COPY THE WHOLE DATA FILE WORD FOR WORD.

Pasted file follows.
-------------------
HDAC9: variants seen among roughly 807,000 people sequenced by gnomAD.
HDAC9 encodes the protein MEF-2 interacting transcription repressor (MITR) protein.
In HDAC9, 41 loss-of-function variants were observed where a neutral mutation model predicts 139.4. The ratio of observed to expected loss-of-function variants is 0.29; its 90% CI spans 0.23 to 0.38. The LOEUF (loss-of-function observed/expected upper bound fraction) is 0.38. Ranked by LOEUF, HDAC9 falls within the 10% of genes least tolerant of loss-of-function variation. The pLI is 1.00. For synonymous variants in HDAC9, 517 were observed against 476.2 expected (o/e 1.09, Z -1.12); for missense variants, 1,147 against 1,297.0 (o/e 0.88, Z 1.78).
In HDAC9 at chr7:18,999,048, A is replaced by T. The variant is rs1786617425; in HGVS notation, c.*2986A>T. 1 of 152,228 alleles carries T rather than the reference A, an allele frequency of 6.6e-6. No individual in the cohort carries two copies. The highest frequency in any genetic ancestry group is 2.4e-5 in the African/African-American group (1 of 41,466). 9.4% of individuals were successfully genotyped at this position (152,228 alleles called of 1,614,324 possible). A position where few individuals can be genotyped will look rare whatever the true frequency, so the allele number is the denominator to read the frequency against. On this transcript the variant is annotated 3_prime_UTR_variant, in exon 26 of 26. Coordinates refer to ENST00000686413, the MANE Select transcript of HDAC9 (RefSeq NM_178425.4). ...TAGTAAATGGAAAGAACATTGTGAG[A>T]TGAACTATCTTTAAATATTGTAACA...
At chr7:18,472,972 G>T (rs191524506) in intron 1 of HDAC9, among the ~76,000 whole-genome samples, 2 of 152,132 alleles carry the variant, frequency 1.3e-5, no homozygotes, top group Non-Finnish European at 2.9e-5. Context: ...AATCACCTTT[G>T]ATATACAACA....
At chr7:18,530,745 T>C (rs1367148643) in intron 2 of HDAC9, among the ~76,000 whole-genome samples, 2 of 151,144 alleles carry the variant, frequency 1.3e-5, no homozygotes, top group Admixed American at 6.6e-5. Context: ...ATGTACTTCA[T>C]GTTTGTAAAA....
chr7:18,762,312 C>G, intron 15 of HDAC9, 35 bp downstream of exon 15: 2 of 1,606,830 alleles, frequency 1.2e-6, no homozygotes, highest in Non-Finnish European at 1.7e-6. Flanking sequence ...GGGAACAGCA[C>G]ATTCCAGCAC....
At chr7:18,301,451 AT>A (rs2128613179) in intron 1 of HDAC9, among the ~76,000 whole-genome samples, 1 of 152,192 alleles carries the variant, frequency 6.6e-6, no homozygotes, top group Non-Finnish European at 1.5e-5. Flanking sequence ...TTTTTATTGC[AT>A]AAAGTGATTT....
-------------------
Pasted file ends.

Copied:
HDAC9: variants seen among roughly 807,000 people sequenced by gnomAD.
HDAC9 encodes the protein MEF-2 interacting transcription repressor (MITR) protein.
In HDAC9, 41 loss-of-function variants were observed where a neutral mutation model predicts 139.4. The ratio of observed to expected loss-of-function variants is 0.29; its 90% CI spans 0.23 to 0.38. The LOEUF (loss-of-function observed/expected upper bound fraction) is 0.38. Ranked by LOEUF, HDAC9 falls within the 10% of genes least tolerant of loss-of-function variation. The pLI is 1.00. For synonymous variants in HDAC9, 517 were observed against 476.2 expected (o/e 1.09, Z -1.12); for missense variants, 1,147 against 1,297.0 (o/e 0.88, Z 1.78).
In HDAC9 at chr7:18,999,048, A is replaced by T. The variant is rs1786617425; in HGVS notation, c.*2986A>T. 1 of 152,228 alleles carries T rather than the reference A, an allele frequency of 6.6e-6. No individual in the cohort carries two copies. The highest frequency in any genetic ancestry group is 2.4e-5 in the African/African-American group (1 of 41,466). 9.4% of individuals were successfully genotyped at this position (152,228 alleles called of 1,614,324 possible). A position where few individuals can be genotyped will look rare whatever the true frequency, so the allele number is the denominator to read the frequency against. On this transcript the variant is annotated 3_prime_UTR_variant, in exon 26 of 26. Coordinates refer to ENST00000686413, the MANE Select transcript of HDAC9 (RefSeq NM_178425.4). ...TAGTAAATGGAAAGAACATTGTGAG[A>T]TGAACTATCTTTAAATATTGTAACA...
At chr7:18,472,972 G>T (rs191524506) in intron 1 of HDAC9, among the ~76,000 whole-genome samples, 2 of 152,132 alleles carry the variant, frequency 1.3e-5, no homozygotes, top group Non-Finnish European at 2.9e-5. Context: ...AATCACCTTT[G>T]ATATACAACA....
At chr7:18,530,745 T>C (rs1367148643) in intron 2 of HDAC9, among the ~76,000 whole-genome samples, 2 of 151,144 alleles carry the variant, frequency 1.3e-5, no homozygotes, top group Admixed American at 6.6e-5. Context: ...ATGTACTTCA[T>C]GTTTGTAAAA....
chr7:18,762,312 C>G, intron 15 of HDAC9, 35 bp downstream of exon 15: 2 of 1,606,830 alleles, frequency 1.2e-6, no homozygotes, highest in Non-Finnish European at 1.7e-6. Flanking sequence ...GGGAACAGCA[C>G]ATTCCAGCAC....
At chr7:18,301,451 AT>A (rs2128613179) in intron 1 of HDAC9, among the ~76,000 whole-genome samples, 1 of 152,192 alleles carries the variant, frequency 6.6e-6, no homozygotes, top group Non-Finnish European at 1.5e-5. Flanking sequence ...TTTTTATTGC[AT>A]AAAGTGATTT....